Which led to the following year's great Turkey Debacle. 

Microwaves were very new and they were hard to find in NZ.  Dad was intrigued by them, and put forward the argument that with a microwave he could cook a big turkey roast dinner from scratch without making the house unbearably hot.  We agreed but we should have known better
Early on Christmas Morning, I got a panicked phone call from my mother (and she had nerves of steel) asking me to come around and help as she thought Dad had finally lost the plot.  I could hear bangs and crashes in the background and Dad swearing loudly.

I rushed around to find my mother sitting outside.  "Your father is in the kitchen".  I gingerly stuck my head round the door to find Dad chasing a frozen turkey with an axe.  It was much as I imagined ice hockey would be.  He struck the turkey, the turkey flew off around the floor  bounced off the cupboards and seemed to catch Dad's ankles on the rebound.  It appears that Dad had read you could defrost and cook in a microwave just like that.  What he hadn't taken into account was that the turkey was too large to fit into it.  He had tried  to cut it up with knives and a saw but the bird was solid.  So now he was trying to chop it up with an axe.
Once again cheese rolls for dinner

And so the years went by.  There was the year that one of my SIL was confident she could manage a full roast dinner.  The non-cooks retired to the garden for a family game of cricket.  One of the grandchildren skyed the ball straight through the kitchen window.  Guess what was underneath the window on the kitchen bench and was now covered in glass fragments.  Yup the turkey.  Cheese rolls for dinner again that year.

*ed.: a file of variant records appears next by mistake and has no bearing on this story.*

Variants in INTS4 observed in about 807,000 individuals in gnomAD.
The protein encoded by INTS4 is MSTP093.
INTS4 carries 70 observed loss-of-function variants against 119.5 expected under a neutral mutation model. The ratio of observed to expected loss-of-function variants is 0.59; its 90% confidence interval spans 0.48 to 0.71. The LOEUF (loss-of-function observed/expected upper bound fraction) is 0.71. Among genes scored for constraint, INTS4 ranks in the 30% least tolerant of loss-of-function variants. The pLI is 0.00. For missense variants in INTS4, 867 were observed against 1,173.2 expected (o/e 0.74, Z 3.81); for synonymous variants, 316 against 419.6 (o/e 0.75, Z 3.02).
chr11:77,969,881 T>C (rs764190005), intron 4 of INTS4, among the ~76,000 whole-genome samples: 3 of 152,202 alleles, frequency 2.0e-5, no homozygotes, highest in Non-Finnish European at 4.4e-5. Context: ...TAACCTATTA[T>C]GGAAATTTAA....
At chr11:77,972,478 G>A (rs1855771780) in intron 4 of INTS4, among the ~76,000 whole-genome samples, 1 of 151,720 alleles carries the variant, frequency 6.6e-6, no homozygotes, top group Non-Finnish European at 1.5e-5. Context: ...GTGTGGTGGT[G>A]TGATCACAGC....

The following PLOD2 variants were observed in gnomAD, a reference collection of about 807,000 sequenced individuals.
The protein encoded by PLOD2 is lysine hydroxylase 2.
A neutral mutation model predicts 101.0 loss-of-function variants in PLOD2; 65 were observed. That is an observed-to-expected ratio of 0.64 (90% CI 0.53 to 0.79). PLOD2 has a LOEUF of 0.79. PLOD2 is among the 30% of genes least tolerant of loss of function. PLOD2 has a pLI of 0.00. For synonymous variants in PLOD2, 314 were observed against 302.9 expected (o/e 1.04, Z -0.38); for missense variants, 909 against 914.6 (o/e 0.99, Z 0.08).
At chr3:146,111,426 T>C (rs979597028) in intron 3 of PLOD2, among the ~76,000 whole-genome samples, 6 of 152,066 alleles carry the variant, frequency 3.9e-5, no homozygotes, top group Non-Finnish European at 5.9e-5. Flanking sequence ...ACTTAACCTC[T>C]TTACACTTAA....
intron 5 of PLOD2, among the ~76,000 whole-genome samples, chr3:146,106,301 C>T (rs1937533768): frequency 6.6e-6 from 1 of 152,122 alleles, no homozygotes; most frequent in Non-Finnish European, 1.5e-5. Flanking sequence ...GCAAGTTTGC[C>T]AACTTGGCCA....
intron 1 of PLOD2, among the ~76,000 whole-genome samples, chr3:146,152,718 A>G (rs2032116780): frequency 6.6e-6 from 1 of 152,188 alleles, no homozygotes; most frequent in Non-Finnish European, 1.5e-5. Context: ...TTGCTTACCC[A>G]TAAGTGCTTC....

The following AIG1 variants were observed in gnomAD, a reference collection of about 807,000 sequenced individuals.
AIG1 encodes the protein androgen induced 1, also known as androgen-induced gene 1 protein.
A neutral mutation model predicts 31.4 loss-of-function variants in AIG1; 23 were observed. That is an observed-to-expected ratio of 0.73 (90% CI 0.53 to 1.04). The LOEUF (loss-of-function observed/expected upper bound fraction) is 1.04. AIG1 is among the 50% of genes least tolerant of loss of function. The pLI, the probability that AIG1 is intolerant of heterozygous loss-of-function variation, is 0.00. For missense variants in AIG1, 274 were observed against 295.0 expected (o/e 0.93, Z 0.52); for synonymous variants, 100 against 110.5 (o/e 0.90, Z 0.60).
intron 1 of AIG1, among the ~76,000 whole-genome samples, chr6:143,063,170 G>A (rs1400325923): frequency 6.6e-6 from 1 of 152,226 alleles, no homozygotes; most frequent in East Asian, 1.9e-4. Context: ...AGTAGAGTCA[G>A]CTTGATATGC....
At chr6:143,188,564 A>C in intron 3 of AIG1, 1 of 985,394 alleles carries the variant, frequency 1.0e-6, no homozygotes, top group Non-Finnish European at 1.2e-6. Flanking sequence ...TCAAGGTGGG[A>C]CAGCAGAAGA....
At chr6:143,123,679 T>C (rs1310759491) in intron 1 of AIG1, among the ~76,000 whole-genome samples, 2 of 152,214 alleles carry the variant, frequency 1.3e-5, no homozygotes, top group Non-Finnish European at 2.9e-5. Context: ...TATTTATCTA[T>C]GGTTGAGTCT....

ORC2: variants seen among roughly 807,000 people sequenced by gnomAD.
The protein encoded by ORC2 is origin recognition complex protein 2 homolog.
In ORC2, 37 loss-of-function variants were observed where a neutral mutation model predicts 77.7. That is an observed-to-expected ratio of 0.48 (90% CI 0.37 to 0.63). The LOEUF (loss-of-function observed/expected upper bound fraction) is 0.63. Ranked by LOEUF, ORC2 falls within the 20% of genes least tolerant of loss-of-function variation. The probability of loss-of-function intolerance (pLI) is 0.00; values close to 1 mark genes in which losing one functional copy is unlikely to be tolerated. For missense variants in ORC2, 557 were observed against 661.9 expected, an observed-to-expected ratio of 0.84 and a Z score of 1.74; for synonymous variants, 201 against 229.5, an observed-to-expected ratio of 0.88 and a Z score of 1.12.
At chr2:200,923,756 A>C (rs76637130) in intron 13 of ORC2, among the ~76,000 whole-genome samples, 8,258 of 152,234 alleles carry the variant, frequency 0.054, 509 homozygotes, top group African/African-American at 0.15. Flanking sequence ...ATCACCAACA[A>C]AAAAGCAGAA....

One of my brothers actually we suggested we cut out the accident and just plan to have cheese rolls.  He was shouted down, after all we all had a unique family bond - we survived Christmas dinner.

When my parents moved out to the beach, we decided we would try a barbecue again.  My mother researched proper gas barbeque's and marked out the big flash one she would buy.  Unfortunately she had picked up a bug just before the holidays but Dad was totally confident he could manage.  (Sound of ominous music)   We turned up on Christmas day to find that instead of the big flash grill Mum had selected, Dad had bought instead a very cheap one from our equivalent of Walmart.  It was an assemble yourself one and the instructions were not in a language know to anyone in our family.  One of my brothers and Dad were arguing about what bit joined to which other bit, assisted by various grandchildren.

The rest of us were inside drinking sherry and eating cake.  We could hear the debate outside "you light it" "No you light it".  Eventually some one did.  There was a loud bang, a grandchild came rushing in and grabbed a fire extinguisher and rushed out again.  Another one came in and got the first aid box.  My mother remarked she had some rather nice fish fingers and could do them with over chips.  Made a change from cheese rolls.

And in case anyone is still reading and wondering why we did not go out to a hotel for a meal, well we did.  The hotel had a power cut and a waitress spilt a full jug of Orange juice down my mother's back.  We judged the accidents not up to our normal standard.